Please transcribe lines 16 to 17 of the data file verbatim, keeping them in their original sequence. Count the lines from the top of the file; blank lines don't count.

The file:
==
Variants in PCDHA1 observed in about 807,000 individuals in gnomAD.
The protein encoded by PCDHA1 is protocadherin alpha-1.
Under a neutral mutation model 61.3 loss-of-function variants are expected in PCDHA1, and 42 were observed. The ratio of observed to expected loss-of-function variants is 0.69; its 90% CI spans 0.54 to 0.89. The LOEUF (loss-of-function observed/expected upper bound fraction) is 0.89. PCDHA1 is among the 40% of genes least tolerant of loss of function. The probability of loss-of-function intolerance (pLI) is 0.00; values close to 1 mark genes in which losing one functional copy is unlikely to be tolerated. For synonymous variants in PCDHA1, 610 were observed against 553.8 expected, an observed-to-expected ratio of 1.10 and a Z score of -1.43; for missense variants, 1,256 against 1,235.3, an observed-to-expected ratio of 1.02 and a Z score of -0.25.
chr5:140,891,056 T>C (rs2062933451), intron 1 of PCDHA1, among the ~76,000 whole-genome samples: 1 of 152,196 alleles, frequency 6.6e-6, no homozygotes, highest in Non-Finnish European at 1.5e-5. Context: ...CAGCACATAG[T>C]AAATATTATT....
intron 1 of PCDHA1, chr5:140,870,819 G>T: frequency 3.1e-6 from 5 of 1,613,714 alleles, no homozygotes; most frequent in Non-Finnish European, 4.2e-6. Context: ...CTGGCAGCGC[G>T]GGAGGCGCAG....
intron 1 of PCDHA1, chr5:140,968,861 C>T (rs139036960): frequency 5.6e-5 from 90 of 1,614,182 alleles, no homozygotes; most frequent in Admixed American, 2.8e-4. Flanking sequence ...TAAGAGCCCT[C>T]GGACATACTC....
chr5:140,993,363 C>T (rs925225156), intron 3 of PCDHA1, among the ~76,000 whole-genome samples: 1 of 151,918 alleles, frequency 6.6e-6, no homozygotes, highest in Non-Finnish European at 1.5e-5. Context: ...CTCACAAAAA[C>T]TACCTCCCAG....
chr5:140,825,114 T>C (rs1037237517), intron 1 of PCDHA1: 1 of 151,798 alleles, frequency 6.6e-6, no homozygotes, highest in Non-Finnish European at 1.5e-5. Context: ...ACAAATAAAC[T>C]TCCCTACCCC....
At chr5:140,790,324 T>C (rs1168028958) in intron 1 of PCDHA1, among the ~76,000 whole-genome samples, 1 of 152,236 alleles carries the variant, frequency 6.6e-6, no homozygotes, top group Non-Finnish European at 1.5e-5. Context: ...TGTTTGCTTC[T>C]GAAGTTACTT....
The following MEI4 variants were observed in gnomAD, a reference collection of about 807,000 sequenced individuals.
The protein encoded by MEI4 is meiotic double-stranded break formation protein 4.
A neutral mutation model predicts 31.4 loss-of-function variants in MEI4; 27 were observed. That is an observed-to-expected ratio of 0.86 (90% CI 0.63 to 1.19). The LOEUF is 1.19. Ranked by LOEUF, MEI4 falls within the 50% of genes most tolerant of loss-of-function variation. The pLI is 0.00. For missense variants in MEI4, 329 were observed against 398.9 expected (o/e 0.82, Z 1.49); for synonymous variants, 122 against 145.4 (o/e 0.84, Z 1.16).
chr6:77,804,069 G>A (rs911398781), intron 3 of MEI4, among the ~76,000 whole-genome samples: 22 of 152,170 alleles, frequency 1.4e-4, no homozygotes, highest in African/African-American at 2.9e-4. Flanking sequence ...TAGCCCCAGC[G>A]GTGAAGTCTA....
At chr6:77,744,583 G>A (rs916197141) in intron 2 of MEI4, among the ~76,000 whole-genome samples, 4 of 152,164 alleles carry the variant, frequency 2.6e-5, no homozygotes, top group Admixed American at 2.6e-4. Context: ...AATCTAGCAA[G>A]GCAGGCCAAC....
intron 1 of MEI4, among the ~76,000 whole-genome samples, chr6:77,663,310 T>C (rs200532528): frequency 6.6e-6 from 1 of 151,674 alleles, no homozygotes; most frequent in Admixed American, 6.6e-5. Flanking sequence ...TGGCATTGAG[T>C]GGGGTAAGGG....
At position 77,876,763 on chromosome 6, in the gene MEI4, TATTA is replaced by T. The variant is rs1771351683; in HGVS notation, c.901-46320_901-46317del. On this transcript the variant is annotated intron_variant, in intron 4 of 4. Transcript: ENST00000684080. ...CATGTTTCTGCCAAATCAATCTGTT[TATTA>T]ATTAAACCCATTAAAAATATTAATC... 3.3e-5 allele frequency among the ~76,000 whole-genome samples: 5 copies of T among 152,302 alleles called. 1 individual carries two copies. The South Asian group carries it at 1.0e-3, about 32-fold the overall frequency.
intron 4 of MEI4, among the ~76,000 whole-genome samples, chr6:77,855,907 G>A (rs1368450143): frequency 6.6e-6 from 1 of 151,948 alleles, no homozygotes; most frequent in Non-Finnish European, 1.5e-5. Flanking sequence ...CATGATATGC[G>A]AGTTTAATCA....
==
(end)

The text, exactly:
At position 77,876,763 on chromosome 6, in the gene MEI4, TATTA is replaced by T. The variant is rs1771351683; in HGVS notation, c.901-46320_901-46317del. On this transcript the variant is annotated intron_variant, in intron 4 of 4. Transcript: ENST00000684080. ...CATGTTTCTGCCAAATCAATCTGTT[TATTA>T]ATTAAACCCATTAAAAATATTAATC... 3.3e-5 allele frequency among the ~76,000 whole-genome samples: 5 copies of T among 152,302 alleles called. 1 individual carries two copies. The South Asian group carries it at 1.0e-3, about 32-fold the overall frequency.
intron 4 of MEI4, among the ~76,000 whole-genome samples, chr6:77,855,907 G>A (rs1368450143): frequency 6.6e-6 from 1 of 151,948 alleles, no homozygotes; most frequent in Non-Finnish European, 1.5e-5. Flanking sequence ...CATGATATGC[G>A]AGTTTAATCA....